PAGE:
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Maritime experts to debate regional prospects with global trade set to grow 4.5% in 2014

April 1, 2014 Conferences No Comments Email Email

The opportunities and challenges faced by the Middle East maritime industry as world trade continues to grow steadily will top the agenda at the upcoming three-day Seatrade Middle East Maritime exhibition and conference (SMEM), which takes place at the Dubai International Conference & Exhibition Centre from 28-30 October 2014 under the patronage of His Highness Sheikh Mohammed bin Rashid Al Maktoum, Vice President & Prime Minister of the UAE and Ruler of Dubai.

Christopher Hayman“According to the World Trade Organisation (WTO), world trade growth of 4.5% is expected this year, which although slower than the 5% previously forecast, it is still nearly double the 2.5% growth expected for 2013. The WTO added that conditions for improved trade are gradually falling into place, although the past few years of sluggish trade growth had reinforced the need to make progress in the multilateral negotiations,” said Chris Hayman, Chairman of organisers, Seatrade.

GCC trade continues to record a surplus – US$558 billion in 2012 (Saudi Arabia accounting for almost half of that figure) and it is estimated the GCC trade surplus hit at least US$492 billion last year.  In 2012, GCC exports topped US$1 trillion for the first time, double that of 2009, a third of which was exported from UAE ports. Hydrocarbons represented US$ 692 billion or almost 70% of the total export value.

“Given the global economic backdrop, these are impressive figures, the GCC is now the 12th largest economy in the world reaching US$1.56 trillion in 2012 according to the National Bank of Abu Dhabi,” added Hayman.

More encouraging economic data came from the IMF, which claimed that the global economy will grow by 3.7% this year and 3.9% next year. However it is an uneven recovery, with the EU only growing by 1% this year and 1.4% next year, dragged down by the weaker southern European economies.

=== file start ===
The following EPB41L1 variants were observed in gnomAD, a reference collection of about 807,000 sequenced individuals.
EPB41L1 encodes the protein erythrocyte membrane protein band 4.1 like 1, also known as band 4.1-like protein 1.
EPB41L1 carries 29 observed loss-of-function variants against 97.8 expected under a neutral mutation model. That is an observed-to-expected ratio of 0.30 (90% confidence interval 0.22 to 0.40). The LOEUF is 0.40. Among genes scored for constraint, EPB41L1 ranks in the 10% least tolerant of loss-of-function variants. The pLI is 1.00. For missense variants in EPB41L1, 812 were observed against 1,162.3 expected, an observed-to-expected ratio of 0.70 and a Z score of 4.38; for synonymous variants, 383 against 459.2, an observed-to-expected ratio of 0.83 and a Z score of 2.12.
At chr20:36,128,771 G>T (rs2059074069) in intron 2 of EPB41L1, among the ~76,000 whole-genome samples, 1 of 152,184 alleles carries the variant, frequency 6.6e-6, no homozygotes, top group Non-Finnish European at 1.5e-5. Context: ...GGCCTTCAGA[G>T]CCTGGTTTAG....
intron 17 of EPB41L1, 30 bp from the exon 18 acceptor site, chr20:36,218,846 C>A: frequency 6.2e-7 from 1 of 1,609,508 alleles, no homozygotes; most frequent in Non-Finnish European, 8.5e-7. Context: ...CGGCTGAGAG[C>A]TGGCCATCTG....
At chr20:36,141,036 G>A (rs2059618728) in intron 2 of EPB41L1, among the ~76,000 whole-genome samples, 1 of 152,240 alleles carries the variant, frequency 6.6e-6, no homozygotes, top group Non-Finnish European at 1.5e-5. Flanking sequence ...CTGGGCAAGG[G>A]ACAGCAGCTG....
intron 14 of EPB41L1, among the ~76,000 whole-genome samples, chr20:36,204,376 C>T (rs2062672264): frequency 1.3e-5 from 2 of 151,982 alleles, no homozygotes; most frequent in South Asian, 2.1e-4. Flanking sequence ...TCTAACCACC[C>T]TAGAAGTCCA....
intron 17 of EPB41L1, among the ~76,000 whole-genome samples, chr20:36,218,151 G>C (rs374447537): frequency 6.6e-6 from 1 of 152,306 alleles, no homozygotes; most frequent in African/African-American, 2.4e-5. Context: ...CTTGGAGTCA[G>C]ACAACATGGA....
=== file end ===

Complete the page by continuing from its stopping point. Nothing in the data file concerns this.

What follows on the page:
“With more than 90% of worldwide trade moving by sea, these economic pointers fare well for the region’s shipping industry which remains a vital part of commercial activity. Even if the Eurozone continues to produce anaemic growth, it is hardly likely to hurt the oil exporters in the Gulf countries because the Eurozone sources the majority of its hydrocarbons from Russia and West Africa,” said Hayman.

To address these and other key industry issues, SMEM will bring together a panel of maritime industry leaders, influential economists as well as shipping analysts. These experts will provide critical insight into what the future holds for trade patterns, energy demand and supply, investment, mergers and acquisitions, infrastructure and their effect on the regional maritime industry, short to medium term.

This year’s Seatrade Middle East Maritime will be its seventh edition and is now firmly established as the largest event of its kind in the regional calendar. Over 7,000 participants are expected to attend along with 240 exhibitors covering more than 4,350 square metres of exhibition space. New this year will be Offshore Marine, a dedicated vertical which will add another sector of interest.

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